Children’s Innovation Project embraces innovation as finding something new inside something known. This frame for innovation allows a slow space for children to find small, authentic discoveries and reflect on themselves in relation to the materials they explore. An approach of technology as raw material further supports children’s innovation as it nudges children to work deeply at the grain of technology as they explore with Circuit Blocks, electronic toys, other devices and components. We don’t attach value to technology itself, and we approach technology as a means to learning, not an end. Through a focus on the language-logic systems of technology, children gain access to the thinking of technology, instead of just using the stuff of technology. This access to thinking is supported by teachers who, inside this approach to innovation and technology, also have an opportunity to slow down so they may notice closely processes of children’s thinking. As children explore with a focus on process, not product, children have time to practice habits of mind to notice, wonder and persist and thus begin to embody these habits as internalized sensibilities for their own learning. Children’s Innovation Project supports learning that is interdisciplinary, driven by creative inquiry and aware of the importance of context. Our primary motivation is learning about learning— student learning, teacher learning and community learning. In this way, we seek to shift current educational conversations about making and innovation so educators and policy makers might focus more on supporting processes of thinking and less on technology products.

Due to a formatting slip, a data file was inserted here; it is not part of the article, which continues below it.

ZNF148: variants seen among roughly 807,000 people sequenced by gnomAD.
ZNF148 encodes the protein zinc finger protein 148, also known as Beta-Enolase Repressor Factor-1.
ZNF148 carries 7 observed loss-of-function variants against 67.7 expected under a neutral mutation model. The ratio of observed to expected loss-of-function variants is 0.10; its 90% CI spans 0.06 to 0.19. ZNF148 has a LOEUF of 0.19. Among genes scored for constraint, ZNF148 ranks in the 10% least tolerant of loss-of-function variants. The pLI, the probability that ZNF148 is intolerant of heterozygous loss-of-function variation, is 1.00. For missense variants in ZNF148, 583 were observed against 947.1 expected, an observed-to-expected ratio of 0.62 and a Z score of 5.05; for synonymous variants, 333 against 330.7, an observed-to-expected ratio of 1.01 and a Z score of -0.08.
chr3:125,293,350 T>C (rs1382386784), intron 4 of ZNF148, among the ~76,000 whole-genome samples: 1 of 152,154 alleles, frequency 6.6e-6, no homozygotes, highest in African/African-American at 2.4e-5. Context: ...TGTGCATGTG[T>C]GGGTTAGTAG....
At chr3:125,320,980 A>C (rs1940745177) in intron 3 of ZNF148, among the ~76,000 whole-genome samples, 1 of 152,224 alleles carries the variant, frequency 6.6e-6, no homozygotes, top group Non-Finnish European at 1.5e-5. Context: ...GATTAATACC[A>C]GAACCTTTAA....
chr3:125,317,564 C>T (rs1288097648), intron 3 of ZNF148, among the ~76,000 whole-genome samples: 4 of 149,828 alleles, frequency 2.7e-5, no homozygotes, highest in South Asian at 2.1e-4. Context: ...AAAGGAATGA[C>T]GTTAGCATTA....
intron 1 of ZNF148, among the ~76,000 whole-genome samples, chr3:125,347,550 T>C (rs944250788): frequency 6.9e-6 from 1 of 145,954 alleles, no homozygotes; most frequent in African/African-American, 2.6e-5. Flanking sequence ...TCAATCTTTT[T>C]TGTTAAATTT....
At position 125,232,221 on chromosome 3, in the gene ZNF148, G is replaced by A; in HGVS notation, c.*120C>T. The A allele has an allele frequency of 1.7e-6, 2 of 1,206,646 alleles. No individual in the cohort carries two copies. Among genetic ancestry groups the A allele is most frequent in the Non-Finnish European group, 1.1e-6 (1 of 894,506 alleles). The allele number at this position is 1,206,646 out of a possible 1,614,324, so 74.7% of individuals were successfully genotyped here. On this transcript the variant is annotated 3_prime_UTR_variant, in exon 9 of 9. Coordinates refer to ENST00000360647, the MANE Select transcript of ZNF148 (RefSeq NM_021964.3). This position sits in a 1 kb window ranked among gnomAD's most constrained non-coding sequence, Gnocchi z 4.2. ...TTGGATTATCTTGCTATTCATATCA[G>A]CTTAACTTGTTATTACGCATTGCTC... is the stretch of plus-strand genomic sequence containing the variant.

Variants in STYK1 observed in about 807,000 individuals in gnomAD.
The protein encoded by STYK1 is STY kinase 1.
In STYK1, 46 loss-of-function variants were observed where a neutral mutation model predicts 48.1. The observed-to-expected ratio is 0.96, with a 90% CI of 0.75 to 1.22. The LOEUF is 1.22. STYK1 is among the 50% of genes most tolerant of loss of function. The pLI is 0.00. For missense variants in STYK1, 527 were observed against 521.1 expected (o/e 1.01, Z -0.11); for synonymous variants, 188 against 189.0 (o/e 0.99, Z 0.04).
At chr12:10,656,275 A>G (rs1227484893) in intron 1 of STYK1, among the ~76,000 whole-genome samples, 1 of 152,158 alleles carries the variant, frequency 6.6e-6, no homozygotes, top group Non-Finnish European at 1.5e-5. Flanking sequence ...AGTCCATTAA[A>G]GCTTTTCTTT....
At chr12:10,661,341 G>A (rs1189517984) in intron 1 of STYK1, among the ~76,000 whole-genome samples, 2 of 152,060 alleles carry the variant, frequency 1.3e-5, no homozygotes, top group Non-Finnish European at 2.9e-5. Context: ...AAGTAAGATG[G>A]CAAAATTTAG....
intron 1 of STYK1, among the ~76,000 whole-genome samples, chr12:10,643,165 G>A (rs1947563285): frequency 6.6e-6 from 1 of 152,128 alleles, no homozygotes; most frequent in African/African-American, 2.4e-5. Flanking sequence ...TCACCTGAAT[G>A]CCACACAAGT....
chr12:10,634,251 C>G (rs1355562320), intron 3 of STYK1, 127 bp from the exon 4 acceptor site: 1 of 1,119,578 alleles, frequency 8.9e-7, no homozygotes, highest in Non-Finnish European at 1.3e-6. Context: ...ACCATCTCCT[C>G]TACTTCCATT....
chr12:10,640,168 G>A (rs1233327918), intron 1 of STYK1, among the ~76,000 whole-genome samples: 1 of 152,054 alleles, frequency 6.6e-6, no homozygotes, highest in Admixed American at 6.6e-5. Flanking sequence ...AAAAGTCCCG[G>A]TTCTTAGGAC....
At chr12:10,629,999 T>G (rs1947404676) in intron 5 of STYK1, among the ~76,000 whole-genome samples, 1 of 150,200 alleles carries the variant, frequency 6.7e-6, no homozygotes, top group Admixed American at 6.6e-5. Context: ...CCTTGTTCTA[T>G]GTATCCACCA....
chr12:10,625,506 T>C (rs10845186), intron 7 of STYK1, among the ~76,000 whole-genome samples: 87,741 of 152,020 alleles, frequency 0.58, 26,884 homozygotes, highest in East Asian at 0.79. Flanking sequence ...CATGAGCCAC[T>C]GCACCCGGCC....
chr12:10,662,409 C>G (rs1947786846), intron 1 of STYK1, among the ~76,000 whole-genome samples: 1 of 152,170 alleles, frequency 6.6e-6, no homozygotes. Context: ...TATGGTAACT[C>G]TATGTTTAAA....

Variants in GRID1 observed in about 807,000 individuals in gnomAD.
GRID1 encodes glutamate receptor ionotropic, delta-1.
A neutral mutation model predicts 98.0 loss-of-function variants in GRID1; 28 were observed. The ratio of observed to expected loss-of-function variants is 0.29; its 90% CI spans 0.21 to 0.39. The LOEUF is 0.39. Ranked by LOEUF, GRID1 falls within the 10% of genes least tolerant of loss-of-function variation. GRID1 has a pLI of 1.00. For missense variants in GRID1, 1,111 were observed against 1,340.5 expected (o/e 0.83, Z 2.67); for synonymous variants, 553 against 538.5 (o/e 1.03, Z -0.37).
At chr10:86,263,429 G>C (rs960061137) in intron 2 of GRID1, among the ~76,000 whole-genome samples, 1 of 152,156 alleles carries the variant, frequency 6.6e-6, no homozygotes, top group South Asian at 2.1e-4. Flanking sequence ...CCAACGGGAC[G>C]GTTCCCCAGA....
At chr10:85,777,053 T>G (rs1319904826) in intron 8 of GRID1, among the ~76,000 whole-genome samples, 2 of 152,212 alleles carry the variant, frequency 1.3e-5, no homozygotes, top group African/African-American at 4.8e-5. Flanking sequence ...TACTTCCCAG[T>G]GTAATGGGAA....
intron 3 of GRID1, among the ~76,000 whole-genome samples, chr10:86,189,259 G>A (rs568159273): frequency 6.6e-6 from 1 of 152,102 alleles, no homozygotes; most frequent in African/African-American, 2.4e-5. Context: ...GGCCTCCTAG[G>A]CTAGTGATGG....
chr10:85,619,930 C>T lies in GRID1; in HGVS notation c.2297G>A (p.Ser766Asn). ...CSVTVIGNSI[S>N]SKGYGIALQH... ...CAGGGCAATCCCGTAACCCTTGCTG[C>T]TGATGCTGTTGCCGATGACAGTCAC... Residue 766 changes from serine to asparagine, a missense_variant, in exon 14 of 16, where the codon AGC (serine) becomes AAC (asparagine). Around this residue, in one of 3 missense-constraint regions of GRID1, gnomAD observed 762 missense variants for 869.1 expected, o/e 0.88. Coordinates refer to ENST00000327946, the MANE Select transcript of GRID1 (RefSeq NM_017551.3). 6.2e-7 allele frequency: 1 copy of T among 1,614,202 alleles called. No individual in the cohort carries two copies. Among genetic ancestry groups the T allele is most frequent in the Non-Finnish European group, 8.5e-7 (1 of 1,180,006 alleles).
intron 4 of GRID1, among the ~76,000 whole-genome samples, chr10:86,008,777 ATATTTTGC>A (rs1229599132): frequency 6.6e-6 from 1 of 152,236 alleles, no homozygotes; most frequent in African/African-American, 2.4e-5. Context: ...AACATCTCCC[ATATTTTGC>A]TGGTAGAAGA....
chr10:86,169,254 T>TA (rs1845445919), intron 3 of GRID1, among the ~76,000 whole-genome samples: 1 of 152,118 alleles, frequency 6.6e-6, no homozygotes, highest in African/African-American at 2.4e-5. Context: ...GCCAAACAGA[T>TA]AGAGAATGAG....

Children's Innovation Project has been in development as a project at Pittsburgh Allegheny K-5 (Pittsburgh Public Schools) since 2010. Pilot funding for the project came from SPARK, a program of The Sprout Fund. Project partners include Pittsburgh Public Schools, Carnegie Mellon University's CREATE LabASSET STEM Education, The Fred Rogers Center at St. Vincent College, Pennsylvania Association for the Education of Young Children, Clarion University of PA, Children’s Museum of Pittsburgh, among others. Children’s Innovation Project is a member of the Remake Learning Network.

Children's Innovation Project is generously supported by Pittsburgh's foundation community. The Grable Foundation supports child and teacher learning at Pittsburgh Allegheny K-5 and other Pittsburgh Public Schools, including program evaluation and development with the Fred Rogers Center. Heinz Endowments supports the development of classroom materials and educational supports for both in school and out of school communities (through PAEYC and ASSET). 

You can support Children's Innovation Project, and obtain some tools to teach a young person, or yourself, using the materials and methods we've developed, by purchasing a set of Circuit Blocks at our Learning Store.

To learn more about Children's Innovation Project, please contact us: